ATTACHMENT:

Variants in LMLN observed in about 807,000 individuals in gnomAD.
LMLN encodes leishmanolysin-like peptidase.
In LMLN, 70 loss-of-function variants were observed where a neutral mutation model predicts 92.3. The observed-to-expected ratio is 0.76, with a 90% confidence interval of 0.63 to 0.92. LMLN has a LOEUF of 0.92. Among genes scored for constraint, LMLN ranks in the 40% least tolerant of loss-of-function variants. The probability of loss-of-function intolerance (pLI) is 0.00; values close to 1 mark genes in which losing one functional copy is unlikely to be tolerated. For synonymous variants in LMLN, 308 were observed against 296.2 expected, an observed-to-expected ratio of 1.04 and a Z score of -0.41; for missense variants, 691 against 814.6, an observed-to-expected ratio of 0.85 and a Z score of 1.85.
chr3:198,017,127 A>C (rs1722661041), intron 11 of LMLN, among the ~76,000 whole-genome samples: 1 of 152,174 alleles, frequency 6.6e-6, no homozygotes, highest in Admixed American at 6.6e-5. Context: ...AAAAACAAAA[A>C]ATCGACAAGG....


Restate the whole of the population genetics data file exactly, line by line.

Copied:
Variants in LMLN observed in about 807,000 individuals in gnomAD.
LMLN encodes leishmanolysin-like peptidase.
In LMLN, 70 loss-of-function variants were observed where a neutral mutation model predicts 92.3. The observed-to-expected ratio is 0.76, with a 90% confidence interval of 0.63 to 0.92. LMLN has a LOEUF of 0.92. Among genes scored for constraint, LMLN ranks in the 40% least tolerant of loss-of-function variants. The probability of loss-of-function intolerance (pLI) is 0.00; values close to 1 mark genes in which losing one functional copy is unlikely to be tolerated. For synonymous variants in LMLN, 308 were observed against 296.2 expected, an observed-to-expected ratio of 1.04 and a Z score of -0.41; for missense variants, 691 against 814.6, an observed-to-expected ratio of 0.85 and a Z score of 1.85.
chr3:198,017,127 A>C (rs1722661041), intron 11 of LMLN, among the ~76,000 whole-genome samples: 1 of 152,174 alleles, frequency 6.6e-6, no homozygotes, highest in Admixed American at 6.6e-5. Context: ...AAAAACAAAA[A>C]ATCGACAAGG....